The Obama Era: A Christian’s Reflection

By the time Barack Obama was about to be elected, I had just enrolled in a Master’s program in English, having grown up around conservatives and now surrounded by liberals. I had a respect for both Republicans and Democrats and their differing perspectives, but didn’t feel like either one. I’ll never forget the emerging polarization as Obama was elected: the celebration and the grief. Obama’s presidency is the first I witnessed since coming to a political maturity. Under his presidency, and my college education, I learned the depth and complexity of American politics and culture.

HOPE
CHANGE
YES WE CAN

By the time I started grad school I was fascinated with the power of rhetoric. I remember my first thought was how genius Obama’s campaign rhetoric was. His policies wouldn’t matter as much as his speeches and iconography. How simple, how positive. It’s the first thing that told me this guy could get elected. Who is against hope? Who doesn’t want change? It was vague enough, positive enough, simple enough, bold enough even spiritual enough for unhappy Americans, particularly liberal ones, after 8 years of a Republican president. It’s also typically progressive. Progress and change were presented as audacious protest, reminiscent of the Civil Rights Movement. Liberals electing Obama saw themselves just like activists of the 1960s, bringing not just another administration, but a revolution. Genius campaign strategy for a young senator with very little experience and few specific plans, except the vague and controversial promise to gain entitlement for various identity groups despite a lack of consensus from the population.

I soon saw riveting polarization like I’d never seen before. The Affordable Care Act was passed, everyone seemed to either hail Obama as a people’s Messiah or curse him as a taxing witch doctor. There was no room for those who saw him merely as a less-than-informed man with good intentions and a flawed philosophy who inherited a complex issue that he would mostly make a mess of, but probably also help some people out. I didn’t remember this much polarization during Bush or Clinton (though to be fair I was younger and paid less attention in those years).

Looking back, I never became a fan of Obama, but I always felt some sympathy for the man after every barrage of hatred from conservative critics, much of which was based on ignorance, misinformation, and hypocrisy. I am sure that to many conservatives a fella like me probably looked like an Obama fan. I never had a “Nobama” bumper sticker. Never called him an abomination president. Never accused him of being a communist/secret Muslim/Kenyan/witch doctor/anti-Christ. My college education at a Christian university prevented me from arriving at such conclusions. I was taught to look into rumors to see if they were true, and to let my speech be seasoned with salt. I guess that made me a secret Democrat?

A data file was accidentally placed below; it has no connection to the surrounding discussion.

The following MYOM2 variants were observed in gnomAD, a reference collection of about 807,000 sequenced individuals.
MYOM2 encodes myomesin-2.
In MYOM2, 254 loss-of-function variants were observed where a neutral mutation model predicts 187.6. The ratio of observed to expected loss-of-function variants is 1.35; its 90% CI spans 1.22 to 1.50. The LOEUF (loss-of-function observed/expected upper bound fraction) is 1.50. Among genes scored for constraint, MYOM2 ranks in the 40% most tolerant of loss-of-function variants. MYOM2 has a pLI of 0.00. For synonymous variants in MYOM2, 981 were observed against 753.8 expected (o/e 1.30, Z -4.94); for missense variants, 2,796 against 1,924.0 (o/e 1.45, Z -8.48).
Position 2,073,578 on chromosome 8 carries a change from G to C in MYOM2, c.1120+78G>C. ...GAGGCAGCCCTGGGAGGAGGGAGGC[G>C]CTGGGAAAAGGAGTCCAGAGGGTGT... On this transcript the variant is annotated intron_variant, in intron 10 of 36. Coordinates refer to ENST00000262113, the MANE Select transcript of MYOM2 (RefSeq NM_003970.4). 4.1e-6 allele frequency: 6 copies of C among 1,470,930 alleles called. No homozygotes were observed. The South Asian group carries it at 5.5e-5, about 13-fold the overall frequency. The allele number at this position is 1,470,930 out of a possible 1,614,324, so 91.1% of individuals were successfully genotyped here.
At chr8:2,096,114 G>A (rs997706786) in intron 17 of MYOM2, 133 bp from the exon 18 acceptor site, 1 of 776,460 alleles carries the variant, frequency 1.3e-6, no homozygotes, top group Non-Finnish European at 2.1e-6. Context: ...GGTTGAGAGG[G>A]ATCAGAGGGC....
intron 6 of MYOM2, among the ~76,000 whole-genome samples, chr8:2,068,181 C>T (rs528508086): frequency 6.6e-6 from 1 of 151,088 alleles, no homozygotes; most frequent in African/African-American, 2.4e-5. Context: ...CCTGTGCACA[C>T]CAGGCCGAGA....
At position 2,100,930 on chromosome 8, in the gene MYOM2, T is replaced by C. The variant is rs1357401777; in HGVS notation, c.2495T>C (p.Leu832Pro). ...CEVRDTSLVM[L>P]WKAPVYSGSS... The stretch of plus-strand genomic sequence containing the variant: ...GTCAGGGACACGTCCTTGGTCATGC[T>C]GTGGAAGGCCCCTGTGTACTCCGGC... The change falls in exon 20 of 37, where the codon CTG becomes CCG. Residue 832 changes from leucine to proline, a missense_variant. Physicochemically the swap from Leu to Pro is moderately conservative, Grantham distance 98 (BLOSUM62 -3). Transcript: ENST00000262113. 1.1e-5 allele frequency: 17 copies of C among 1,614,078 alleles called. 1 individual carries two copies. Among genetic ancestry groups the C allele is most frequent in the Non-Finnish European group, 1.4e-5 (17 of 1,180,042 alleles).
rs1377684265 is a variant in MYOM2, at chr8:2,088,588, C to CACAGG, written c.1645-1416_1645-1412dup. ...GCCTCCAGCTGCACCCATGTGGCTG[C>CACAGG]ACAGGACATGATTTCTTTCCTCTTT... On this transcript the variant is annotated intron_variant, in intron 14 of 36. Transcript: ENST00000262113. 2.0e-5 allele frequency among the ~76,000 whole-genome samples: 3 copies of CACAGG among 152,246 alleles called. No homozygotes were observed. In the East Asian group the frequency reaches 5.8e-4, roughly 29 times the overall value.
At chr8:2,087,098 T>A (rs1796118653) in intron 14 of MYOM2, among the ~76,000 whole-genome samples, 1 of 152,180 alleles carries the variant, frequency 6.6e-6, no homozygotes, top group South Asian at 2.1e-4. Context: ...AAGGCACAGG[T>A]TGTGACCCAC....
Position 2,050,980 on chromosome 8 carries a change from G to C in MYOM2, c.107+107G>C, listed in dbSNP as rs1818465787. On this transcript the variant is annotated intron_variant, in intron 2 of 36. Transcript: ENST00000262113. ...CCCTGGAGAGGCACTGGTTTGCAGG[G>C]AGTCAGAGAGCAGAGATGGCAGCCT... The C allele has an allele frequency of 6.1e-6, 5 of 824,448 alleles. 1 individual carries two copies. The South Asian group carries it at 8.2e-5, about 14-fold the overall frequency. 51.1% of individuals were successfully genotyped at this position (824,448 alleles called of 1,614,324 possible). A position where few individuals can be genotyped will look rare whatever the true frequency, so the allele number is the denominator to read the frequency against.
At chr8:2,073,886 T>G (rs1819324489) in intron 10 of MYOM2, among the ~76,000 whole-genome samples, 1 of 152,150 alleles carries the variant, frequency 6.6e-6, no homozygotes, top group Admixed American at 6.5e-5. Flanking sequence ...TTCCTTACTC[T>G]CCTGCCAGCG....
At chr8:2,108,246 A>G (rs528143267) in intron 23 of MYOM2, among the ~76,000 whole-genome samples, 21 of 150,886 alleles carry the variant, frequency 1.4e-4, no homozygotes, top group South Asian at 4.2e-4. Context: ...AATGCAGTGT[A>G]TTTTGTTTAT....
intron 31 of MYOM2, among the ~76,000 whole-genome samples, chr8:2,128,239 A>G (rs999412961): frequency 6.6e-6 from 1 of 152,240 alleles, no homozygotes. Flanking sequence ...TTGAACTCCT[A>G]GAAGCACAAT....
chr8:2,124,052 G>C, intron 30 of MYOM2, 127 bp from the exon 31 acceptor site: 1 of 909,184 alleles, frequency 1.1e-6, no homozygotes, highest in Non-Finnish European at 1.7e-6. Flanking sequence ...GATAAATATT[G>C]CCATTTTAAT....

So I blame conservatives for the “failure” of politically transcendent folks like me to criticize him enough. If they’d actually approached him with educated minds and just judgments, I wouldn’t have found myself having to respond to their critiques with “actually…that news story is a hoax,” and “actually, if you watch the whole video, the quote had a different context.” I found myself defending Obama not because I liked him, but because his enemies hated him so much they either made up lies about him or were too blind to tell the lies from truth. A minister trained in a rigid preaching academy once even called me a CINO (Christian In Name Only) because I praised an educational reform Obama supported and didn’t condemn him for being NEA friendly. I searched the scriptures to find support for his theology, but the only Barack I found was a minor character in the book of Judges.

I look back at some of the myths about Obama that in 8 years never came true:

  • Those death panels in Obamacare? There never were any.
  • The part in Obamacare where it gives free healthcare to illegal immigrants? Actually, while some local aid may extend to undocumented immigrants (like when hospitals treat anyone in an emergency regardless of their status, a policy that predates Obamacare and even most conservatives are ok with), the AFA actually forbids federal money from going to undocumented immigrants.